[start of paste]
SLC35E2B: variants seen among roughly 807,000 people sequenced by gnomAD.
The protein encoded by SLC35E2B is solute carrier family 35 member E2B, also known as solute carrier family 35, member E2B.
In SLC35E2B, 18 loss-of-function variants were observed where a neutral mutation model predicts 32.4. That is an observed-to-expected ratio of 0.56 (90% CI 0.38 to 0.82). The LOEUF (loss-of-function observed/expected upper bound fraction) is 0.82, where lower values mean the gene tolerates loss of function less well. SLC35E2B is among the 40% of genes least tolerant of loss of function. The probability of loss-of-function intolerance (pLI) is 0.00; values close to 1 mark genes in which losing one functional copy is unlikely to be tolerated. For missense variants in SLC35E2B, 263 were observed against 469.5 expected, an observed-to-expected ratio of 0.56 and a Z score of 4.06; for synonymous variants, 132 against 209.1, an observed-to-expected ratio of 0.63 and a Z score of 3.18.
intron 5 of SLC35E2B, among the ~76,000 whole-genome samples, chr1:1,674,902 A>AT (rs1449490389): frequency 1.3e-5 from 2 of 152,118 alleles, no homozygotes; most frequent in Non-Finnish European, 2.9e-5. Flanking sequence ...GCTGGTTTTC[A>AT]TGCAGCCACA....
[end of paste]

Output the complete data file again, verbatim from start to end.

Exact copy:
SLC35E2B: variants seen among roughly 807,000 people sequenced by gnomAD.
The protein encoded by SLC35E2B is solute carrier family 35 member E2B, also known as solute carrier family 35, member E2B.
In SLC35E2B, 18 loss-of-function variants were observed where a neutral mutation model predicts 32.4. That is an observed-to-expected ratio of 0.56 (90% CI 0.38 to 0.82). The LOEUF (loss-of-function observed/expected upper bound fraction) is 0.82, where lower values mean the gene tolerates loss of function less well. SLC35E2B is among the 40% of genes least tolerant of loss of function. The probability of loss-of-function intolerance (pLI) is 0.00; values close to 1 mark genes in which losing one functional copy is unlikely to be tolerated. For missense variants in SLC35E2B, 263 were observed against 469.5 expected, an observed-to-expected ratio of 0.56 and a Z score of 4.06; for synonymous variants, 132 against 209.1, an observed-to-expected ratio of 0.63 and a Z score of 3.18.
intron 5 of SLC35E2B, among the ~76,000 whole-genome samples, chr1:1,674,902 A>AT (rs1449490389): frequency 1.3e-5 from 2 of 152,118 alleles, no homozygotes; most frequent in Non-Finnish European, 2.9e-5. Flanking sequence ...GCTGGTTTTC[A>AT]TGCAGCCACA....